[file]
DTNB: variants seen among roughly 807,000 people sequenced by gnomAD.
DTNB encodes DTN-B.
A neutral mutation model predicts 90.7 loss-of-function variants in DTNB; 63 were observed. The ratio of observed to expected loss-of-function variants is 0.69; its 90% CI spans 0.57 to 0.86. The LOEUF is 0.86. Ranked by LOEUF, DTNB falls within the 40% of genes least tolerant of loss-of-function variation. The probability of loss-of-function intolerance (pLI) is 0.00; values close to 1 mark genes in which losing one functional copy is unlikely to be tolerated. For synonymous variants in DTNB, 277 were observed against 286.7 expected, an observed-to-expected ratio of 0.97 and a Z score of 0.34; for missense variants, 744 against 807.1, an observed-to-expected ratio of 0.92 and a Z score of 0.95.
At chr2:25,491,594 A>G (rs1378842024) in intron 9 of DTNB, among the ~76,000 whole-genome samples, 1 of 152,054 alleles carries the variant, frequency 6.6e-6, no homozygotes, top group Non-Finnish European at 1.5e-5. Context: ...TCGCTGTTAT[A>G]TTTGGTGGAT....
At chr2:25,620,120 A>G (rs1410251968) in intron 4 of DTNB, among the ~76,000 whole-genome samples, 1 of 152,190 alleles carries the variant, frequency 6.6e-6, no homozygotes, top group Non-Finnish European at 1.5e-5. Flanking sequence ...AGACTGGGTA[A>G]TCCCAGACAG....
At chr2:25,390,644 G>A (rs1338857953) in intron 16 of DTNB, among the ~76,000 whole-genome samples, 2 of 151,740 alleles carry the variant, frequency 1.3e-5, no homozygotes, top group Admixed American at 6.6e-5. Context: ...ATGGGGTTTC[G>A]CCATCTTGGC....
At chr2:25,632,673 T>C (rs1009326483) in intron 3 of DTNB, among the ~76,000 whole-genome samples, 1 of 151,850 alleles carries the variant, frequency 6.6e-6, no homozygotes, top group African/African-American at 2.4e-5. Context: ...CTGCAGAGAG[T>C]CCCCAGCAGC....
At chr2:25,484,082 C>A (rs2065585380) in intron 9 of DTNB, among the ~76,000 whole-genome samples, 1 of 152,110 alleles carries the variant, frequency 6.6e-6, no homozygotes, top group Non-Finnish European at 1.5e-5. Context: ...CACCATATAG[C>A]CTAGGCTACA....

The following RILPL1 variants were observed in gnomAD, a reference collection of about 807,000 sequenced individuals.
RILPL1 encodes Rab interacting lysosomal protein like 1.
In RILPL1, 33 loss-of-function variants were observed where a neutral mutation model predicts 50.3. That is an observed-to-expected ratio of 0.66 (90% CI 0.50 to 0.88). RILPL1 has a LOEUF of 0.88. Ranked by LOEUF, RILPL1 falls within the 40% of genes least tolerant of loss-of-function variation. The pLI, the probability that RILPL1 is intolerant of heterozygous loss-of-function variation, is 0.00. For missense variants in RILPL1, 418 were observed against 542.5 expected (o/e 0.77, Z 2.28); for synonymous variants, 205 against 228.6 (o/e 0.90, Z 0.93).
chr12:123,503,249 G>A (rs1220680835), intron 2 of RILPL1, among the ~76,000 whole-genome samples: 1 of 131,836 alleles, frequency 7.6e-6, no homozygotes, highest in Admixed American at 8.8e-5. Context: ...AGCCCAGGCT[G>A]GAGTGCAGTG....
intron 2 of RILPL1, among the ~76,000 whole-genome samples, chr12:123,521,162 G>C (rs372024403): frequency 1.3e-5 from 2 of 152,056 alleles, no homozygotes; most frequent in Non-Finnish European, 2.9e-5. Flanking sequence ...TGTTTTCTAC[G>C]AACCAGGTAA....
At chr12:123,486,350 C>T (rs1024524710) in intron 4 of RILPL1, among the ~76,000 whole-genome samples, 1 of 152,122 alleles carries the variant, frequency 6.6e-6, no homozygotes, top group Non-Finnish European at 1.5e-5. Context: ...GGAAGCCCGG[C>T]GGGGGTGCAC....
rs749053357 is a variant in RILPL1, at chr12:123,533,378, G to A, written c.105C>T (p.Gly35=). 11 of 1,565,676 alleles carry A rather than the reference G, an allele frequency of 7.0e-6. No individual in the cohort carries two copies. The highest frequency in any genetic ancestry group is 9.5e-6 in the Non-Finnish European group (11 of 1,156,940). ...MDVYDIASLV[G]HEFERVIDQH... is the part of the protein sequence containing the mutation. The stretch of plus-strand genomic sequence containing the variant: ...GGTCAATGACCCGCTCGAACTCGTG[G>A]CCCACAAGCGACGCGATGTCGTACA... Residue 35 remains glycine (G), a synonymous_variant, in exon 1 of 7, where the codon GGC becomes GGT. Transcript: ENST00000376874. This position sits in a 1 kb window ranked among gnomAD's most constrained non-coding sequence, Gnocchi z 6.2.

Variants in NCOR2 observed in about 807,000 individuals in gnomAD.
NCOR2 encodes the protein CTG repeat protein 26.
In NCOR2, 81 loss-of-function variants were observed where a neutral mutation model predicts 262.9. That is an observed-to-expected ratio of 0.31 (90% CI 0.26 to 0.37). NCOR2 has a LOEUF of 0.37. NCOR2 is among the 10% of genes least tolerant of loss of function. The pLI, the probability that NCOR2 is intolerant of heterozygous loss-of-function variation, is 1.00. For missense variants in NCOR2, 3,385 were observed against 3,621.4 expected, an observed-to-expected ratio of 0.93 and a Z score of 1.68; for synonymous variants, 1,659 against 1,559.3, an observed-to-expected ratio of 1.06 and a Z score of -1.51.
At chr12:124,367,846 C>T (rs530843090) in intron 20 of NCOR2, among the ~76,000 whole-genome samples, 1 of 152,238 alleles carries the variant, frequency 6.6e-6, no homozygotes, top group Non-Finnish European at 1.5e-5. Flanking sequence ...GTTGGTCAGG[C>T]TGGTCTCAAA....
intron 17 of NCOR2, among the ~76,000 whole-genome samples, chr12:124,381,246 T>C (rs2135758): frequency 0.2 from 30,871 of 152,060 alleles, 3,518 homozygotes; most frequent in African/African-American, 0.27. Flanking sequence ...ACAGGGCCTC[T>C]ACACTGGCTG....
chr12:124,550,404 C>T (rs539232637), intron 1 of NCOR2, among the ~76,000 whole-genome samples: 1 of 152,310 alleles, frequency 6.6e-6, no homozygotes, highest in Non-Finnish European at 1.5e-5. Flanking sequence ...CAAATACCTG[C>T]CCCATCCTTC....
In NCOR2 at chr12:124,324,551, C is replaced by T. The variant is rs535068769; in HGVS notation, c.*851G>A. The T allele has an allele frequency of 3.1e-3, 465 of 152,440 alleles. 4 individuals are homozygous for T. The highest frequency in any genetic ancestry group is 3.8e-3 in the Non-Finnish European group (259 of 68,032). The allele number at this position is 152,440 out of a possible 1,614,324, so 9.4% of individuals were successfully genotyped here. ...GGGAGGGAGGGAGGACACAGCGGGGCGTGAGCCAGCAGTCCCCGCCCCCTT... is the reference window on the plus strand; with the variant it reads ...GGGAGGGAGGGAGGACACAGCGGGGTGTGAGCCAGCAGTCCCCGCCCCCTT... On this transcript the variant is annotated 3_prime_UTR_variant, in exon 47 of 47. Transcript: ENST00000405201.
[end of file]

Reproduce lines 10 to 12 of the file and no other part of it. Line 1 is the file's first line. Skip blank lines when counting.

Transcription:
RILPL1 encodes Rab interacting lysosomal protein like 1.
In RILPL1, 33 loss-of-function variants were observed where a neutral mutation model predicts 50.3. That is an observed-to-expected ratio of 0.66 (90% CI 0.50 to 0.88). RILPL1 has a LOEUF of 0.88. Ranked by LOEUF, RILPL1 falls within the 40% of genes least tolerant of loss-of-function variation. The pLI, the probability that RILPL1 is intolerant of heterozygous loss-of-function variation, is 0.00. For missense variants in RILPL1, 418 were observed against 542.5 expected (o/e 0.77, Z 2.28); for synonymous variants, 205 against 228.6 (o/e 0.90, Z 0.93).
chr12:123,503,249 G>A (rs1220680835), intron 2 of RILPL1, among the ~76,000 whole-genome samples: 1 of 131,836 alleles, frequency 7.6e-6, no homozygotes, highest in Admixed American at 8.8e-5. Context: ...AGCCCAGGCT[G>A]GAGTGCAGTG....